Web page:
Hi Levi, I heard about your blog through Jimmy Moore's Livin' La Vida Low-Carb blog. Figured I'd pay you a visit. I like what I read here. As a food/diet writer who's put his experiences on paper and into a book titled 'Diet King',I know what food addiction is all about. It's horrendous, to say the least. I think an addiction to sugar is the worst kind of addiction to have. Period. Sure, heroin and cocaine may kill you faster, but it's all about time--if you abuse your body with sugar to satisfy those monster cravings, you'll wind up killing yourself eventually--it'll just take longer for either the diabetes (and its complications), the heart disease, or the obesity to destroy you. And the sad part is, (in my humble opinion, now--I'm not a doctor or a scientist) we face sugar in many different forms every single day, so there's really no way out of this mess. Low carb diets? Yes, sure, they'll temporarily ameliorate the problem and perhaps if you can get past whatever plan you've chosen's 'initial phase' or 'phase one', you'll have escaped the sugar monster for awhile. But that's during the diet. No one ever prepares us for maintenance. It's like looking into an abyss when we've arrived at our 'goal weight'. And I haven't even addressed the issue of fruit here. What are we supposed to do, avoid fruit, the anti-oxidant darling of the media, for the rest of our lives? Some of these delicious fruits pack a mighty sugar sweet punch that could send some of us spiraling back to square one--especially my favorite--grapes! Am I ranting here? Sorry if I sound that way. This problem needs to be treated just like cigarettes and alcohol are--you had a good poing about the alcohol and , Levi--perhaps sugar needs to be treated like the dangerously powerful substance it really is--the difference is, however, unlike alcohol and cigarettes and hard drugs, sugar is everywhere--its cloak is its benigness (this that a real word? I don't know, either...). You see, you can walk into a Whole Foods Market where you'll pay double to buy clean, fresh vegetables and meats, and wind up buying an all-natural "whole, unprocessed sugar-cane sweetened" soda, thinking it's so much better than the colas you get in the regular supermarkets. Hmm...what the hell have they done to us? I fear they've wreaked havoc on the greater population of us--it's not normal to be a slave to such sweetness and the ridiculous cravings that abound. It's not fair to have to live life worrying about carbohydrate intake and sugar-grams. But this is what we're faced with--we're on our own because they've really managed to screw up the food supply with all this sugar or its evil cousin, 'high-fructose corn syrup'. And now the media is licking its lips in delight, declaring 'low carb is dead'? Don't they realize this was our last hope? Or do they not want us to get better? Do I sound like a conspiracy nut? Maybe. But it begs the question--how did so many of us fall victim to sugar/white flour/carbohydrate addiction, to the point where we can't even trust ourselves with fruit, the very thing nature wants us to have? Nice to meet you. Adam Wilk, author, 'Diet King'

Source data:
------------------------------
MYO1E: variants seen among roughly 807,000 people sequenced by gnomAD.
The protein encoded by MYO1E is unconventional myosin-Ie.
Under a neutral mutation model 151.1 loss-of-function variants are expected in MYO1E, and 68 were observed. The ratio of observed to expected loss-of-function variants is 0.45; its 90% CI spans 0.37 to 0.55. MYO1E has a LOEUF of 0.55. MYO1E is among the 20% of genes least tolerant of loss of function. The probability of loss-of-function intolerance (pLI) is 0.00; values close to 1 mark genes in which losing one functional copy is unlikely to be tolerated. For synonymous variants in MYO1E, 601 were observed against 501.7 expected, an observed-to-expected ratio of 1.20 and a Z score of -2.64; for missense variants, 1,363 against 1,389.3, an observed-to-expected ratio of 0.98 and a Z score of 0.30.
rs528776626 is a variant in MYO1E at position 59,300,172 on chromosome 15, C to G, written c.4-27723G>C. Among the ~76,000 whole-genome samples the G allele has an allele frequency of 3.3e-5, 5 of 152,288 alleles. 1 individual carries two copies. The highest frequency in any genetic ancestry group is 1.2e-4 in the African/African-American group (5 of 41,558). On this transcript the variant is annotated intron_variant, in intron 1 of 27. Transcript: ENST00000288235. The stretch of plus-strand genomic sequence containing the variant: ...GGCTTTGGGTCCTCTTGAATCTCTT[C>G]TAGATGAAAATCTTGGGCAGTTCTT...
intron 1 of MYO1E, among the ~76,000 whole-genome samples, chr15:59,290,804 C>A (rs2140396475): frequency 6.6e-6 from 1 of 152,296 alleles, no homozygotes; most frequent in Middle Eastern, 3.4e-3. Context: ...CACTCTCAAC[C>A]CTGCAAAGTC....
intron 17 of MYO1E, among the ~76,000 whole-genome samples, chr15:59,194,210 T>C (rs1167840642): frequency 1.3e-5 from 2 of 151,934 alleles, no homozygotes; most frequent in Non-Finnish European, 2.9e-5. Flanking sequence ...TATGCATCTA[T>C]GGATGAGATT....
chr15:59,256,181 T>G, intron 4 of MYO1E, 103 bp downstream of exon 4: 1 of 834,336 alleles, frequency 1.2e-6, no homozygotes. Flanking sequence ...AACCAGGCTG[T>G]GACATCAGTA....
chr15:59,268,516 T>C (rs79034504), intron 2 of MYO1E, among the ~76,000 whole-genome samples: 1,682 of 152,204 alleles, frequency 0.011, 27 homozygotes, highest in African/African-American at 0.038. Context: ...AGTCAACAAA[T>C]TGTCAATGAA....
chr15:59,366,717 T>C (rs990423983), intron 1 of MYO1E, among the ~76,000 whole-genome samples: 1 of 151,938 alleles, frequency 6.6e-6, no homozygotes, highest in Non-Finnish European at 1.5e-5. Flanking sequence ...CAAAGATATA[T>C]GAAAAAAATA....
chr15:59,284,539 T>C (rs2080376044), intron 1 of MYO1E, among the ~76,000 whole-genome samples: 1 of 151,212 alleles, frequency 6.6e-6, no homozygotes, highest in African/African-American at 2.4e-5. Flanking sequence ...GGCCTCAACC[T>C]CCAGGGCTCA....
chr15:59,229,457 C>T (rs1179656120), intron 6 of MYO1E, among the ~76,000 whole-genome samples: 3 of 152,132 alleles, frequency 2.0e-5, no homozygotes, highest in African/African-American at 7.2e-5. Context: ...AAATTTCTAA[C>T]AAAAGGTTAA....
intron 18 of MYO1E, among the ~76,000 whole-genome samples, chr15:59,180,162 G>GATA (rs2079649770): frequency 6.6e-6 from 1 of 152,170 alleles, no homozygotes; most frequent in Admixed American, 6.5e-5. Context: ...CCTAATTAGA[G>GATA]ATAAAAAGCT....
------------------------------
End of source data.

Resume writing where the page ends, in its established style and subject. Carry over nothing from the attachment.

comment added :: 7th June 2005, 23:15 GMT-05
tdollman made this comment,
Levi, Thank you for your summary of the unadvertised problems with sugar-addiction solutions so many are looking for. An OCCASIONAL fall off the Protein Power wagon may be healthier in the long run than a continual barrage of sweeteners and sugar alcohols. Protein Power (PP) is not rocket science, but, unfortunately, so many are looking for a SIMPLE silver bullet and will not (or cannot) try adhering to the more complex/tougher-to-implement PP LIFESTYLE.